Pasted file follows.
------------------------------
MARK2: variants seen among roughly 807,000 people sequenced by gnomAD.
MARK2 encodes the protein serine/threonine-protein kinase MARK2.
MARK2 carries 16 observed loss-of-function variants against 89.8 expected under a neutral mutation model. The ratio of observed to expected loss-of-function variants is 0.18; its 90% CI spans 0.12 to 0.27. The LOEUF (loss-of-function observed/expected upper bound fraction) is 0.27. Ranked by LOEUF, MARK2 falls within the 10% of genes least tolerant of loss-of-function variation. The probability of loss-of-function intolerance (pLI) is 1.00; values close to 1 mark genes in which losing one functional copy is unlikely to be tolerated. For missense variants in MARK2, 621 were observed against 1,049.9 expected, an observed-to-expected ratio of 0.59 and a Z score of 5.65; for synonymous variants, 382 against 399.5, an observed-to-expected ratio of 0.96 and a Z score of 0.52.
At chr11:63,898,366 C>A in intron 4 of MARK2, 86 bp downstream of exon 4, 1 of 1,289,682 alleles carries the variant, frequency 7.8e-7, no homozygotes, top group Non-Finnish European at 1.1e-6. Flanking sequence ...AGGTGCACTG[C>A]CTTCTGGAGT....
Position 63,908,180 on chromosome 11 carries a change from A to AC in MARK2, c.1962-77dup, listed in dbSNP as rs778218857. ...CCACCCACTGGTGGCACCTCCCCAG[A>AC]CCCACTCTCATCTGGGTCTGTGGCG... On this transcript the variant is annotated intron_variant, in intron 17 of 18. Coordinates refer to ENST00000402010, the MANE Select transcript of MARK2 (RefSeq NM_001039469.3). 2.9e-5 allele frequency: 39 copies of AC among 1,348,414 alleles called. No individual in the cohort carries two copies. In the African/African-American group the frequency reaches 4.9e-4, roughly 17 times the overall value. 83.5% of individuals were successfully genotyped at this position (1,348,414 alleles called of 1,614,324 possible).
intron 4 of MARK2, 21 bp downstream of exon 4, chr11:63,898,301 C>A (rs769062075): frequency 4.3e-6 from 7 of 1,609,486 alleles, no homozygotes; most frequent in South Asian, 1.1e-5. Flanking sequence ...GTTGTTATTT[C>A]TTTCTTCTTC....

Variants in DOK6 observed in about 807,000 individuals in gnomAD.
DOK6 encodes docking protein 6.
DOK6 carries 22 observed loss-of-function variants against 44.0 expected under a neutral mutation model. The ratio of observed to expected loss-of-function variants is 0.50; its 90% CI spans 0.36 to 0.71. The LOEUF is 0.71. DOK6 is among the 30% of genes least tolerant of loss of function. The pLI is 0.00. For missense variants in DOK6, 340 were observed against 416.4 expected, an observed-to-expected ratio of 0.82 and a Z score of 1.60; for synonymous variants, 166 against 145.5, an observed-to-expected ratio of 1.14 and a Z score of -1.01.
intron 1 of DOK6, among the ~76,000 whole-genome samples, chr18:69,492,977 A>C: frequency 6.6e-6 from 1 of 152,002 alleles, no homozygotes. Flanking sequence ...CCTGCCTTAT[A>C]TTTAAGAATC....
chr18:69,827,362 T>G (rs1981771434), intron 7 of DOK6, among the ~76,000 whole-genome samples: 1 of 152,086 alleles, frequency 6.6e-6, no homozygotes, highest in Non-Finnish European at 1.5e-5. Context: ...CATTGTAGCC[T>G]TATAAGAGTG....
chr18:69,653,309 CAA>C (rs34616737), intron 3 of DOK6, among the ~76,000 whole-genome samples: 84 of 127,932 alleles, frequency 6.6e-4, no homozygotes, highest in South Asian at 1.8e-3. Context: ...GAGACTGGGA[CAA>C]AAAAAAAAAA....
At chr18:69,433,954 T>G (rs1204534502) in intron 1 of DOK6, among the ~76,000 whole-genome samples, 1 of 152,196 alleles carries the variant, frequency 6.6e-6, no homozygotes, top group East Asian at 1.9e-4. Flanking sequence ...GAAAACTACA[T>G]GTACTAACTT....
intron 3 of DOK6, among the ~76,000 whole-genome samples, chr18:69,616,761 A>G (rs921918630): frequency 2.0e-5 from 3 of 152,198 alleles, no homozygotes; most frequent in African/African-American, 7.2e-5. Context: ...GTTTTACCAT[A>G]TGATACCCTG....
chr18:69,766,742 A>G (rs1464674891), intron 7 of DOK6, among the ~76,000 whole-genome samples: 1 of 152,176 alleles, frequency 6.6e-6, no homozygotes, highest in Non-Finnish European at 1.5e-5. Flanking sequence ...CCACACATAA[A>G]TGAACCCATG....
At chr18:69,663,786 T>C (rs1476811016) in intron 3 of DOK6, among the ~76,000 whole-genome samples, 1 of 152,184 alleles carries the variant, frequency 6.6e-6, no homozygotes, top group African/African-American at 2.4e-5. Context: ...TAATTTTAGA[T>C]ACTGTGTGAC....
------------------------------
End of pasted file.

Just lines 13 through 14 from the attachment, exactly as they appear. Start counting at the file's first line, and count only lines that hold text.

At chr18:69,433,954 T>G (rs1204534502) in intron 1 of DOK6, among the ~76,000 whole-genome samples, 1 of 152,196 alleles carries the variant, frequency 6.6e-6, no homozygotes, top group East Asian at 1.9e-4. Flanking sequence ...GAAAACTACA[T>G]GTACTAACTT....
intron 3 of DOK6, among the ~76,000 whole-genome samples, chr18:69,616,761 A>G (rs921918630): frequency 2.0e-5 from 3 of 152,198 alleles, no homozygotes; most frequent in African/African-American, 7.2e-5. Context: ...GTTTTACCAT[A>G]TGATACCCTG....